- When duty cycle = 50%, we get the perfect square wave at the output of the circuit.
- When duty cycle > 50%, we get a rectangular wave, such that ON TIME of the circuit is greater than the OFF TIME.
- When duty cycle < 50%, we get a rectangular wave, such that OFF TIME of the circuit is greater than the ON TIME.
- Always remember that the value of duty cycle CANNOT BE equal to 100% and also it CANNOT BE equal to 0%.
- This is because, the value of R1 cannot be zero in the circuit of AMV.
More about IC555
The 555 timer IC is an integrated circuit (chip) used in a variety of timer, pulse generation and oscillator applications. The 555 can be used to provide time delays, as an oscillator, and as a flip-flop element. Derivatives provide up to four timing circuits in one package. Introduced in 1971 by Signetics, the 555 is still in widespread use, thanks to its ease of use, low price and good stability, and is now made by many companies in the original bipolar and also in low-power CMOS types. As of 2003, it was estimated that 1 billion units are manufactured every year.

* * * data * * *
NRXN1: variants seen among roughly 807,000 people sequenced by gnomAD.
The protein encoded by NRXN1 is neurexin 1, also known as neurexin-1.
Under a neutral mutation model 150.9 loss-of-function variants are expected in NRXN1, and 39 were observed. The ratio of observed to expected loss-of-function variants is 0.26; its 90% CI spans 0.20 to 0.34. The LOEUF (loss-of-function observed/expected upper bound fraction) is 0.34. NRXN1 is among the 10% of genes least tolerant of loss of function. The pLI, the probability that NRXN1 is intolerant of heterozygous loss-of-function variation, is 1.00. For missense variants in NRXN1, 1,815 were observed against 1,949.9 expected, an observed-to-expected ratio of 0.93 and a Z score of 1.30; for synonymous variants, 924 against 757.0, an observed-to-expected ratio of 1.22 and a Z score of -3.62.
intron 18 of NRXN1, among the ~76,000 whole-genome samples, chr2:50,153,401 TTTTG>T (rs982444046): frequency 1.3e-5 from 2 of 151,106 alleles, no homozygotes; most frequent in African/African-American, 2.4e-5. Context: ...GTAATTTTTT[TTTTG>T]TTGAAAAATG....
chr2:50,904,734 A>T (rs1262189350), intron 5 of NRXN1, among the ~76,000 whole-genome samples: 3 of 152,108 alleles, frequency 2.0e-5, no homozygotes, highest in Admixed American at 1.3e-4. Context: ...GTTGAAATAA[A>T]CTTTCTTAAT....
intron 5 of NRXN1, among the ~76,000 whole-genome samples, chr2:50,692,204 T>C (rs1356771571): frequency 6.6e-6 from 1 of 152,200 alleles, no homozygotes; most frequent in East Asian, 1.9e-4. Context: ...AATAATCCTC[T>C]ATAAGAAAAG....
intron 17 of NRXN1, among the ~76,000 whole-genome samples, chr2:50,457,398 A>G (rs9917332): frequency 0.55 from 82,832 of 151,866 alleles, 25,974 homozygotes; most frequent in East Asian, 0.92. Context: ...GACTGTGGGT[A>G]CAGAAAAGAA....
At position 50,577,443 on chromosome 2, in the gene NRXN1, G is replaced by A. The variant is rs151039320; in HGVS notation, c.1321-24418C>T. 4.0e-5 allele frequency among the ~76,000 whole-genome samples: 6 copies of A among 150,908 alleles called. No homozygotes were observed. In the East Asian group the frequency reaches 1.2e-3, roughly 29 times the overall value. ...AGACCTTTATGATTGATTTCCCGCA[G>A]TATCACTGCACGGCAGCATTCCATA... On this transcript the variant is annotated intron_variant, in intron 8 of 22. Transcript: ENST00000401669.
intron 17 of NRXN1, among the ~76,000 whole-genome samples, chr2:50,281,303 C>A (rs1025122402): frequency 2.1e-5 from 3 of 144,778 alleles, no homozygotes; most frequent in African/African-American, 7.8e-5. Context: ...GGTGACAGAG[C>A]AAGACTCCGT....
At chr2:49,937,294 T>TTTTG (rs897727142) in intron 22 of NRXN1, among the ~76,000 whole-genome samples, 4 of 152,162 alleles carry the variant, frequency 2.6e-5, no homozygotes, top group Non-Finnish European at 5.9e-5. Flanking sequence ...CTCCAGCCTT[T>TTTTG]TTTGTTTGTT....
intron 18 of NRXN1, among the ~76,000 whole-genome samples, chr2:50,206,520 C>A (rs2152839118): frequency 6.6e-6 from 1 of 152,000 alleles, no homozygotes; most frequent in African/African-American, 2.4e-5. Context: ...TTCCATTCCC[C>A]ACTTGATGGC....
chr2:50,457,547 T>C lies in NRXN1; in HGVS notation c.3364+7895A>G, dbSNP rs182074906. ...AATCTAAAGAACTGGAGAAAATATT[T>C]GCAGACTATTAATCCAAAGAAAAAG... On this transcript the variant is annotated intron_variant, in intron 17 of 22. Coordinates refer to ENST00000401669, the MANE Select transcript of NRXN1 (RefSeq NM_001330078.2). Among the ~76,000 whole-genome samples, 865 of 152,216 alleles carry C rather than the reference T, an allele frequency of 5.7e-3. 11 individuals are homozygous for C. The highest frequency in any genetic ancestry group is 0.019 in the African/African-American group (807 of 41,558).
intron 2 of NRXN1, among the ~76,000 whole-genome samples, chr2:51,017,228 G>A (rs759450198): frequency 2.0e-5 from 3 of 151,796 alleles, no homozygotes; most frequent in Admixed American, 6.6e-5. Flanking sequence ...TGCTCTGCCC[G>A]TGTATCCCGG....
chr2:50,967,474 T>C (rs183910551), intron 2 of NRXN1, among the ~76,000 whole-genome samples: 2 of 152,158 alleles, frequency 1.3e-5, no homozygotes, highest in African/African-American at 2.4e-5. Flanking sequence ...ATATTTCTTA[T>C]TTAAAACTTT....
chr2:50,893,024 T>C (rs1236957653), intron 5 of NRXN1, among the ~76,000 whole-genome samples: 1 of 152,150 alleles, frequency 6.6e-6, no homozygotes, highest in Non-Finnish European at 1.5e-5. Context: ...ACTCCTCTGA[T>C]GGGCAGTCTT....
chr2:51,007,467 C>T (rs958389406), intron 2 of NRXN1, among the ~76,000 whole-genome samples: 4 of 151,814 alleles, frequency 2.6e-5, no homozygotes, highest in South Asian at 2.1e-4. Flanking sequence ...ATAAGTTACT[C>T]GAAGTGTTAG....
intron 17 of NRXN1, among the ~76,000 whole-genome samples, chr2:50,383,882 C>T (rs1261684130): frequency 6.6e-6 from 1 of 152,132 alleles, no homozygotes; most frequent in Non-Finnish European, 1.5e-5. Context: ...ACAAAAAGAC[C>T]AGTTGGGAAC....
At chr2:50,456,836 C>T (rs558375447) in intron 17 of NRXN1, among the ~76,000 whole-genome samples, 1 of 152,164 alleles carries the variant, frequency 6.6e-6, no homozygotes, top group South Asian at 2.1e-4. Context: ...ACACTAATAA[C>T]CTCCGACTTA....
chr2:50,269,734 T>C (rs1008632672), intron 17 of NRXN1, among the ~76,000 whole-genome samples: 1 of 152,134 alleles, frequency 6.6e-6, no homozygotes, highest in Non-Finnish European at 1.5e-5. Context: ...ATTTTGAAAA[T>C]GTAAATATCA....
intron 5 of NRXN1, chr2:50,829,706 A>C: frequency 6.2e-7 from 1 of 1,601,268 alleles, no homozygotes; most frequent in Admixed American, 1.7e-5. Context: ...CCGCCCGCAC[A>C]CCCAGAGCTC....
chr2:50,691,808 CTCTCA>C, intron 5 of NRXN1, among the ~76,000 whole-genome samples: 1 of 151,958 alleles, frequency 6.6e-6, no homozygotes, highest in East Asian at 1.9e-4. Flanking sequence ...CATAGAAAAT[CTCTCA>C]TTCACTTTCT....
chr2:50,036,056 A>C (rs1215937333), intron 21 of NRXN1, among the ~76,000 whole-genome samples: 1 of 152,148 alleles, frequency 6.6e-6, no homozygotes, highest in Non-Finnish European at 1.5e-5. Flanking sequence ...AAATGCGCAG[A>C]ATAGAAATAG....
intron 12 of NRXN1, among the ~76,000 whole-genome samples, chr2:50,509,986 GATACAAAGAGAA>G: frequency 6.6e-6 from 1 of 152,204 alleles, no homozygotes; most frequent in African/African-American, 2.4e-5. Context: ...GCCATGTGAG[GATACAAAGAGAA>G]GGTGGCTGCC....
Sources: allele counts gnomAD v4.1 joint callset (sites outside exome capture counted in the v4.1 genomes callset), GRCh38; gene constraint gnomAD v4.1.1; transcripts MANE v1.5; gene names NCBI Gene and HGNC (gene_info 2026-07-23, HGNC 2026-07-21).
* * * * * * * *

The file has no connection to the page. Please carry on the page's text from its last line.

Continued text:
The IC was designed in 1971 by Hans R. Camenzind (know more about him on Wikipedia ) under contract to Signetics , which was later acquired by Philips. Depending on the manufacturer, the standard 555 package includes over 20 transistors, 2 diodes and 15 resistors on a silicon chip installed in an 8-pin mini dual-in-line package (DIP-8). Variants available include the 556 (a 14-pin DIP combining two 555s on one chip), and the 558 (a 16-pin DIP combining four slightly modified 555s with DIS & THR connected internally, and TR is falling edge sensitive instead of level sensitive).
The NE555 parts were commercial temperature range, 0 °C to +70 °C, and the SE555 part number designated the military temperature range, −55 °C to +125 °C. These were available in both high-reliability metal can (T package) and inexpensive epoxy plastic (V package) packages. Thus the full part numbers were NE555V, NE555T, SE555V, and SE555T. It has been hypothesized that the 555 got its name from the three 5kΩ resistors used within, but Hans Camenzind has stated that the number was arbitrary.
Low-power versions of the 555 are also available, such as the 7555 and CMOS TLC555. The 7555 is designed to cause less supply glitching than the classic 555 and the manufacturer claims that it usually does not require a “control” capacitor and in many cases does not require a decoupling capacitor on the power supply. Such a practice should nevertheless be avoided, because noise produced by the timer or variation in power supply voltage might interfere with other parts of a circuit or influence its threshold voltages.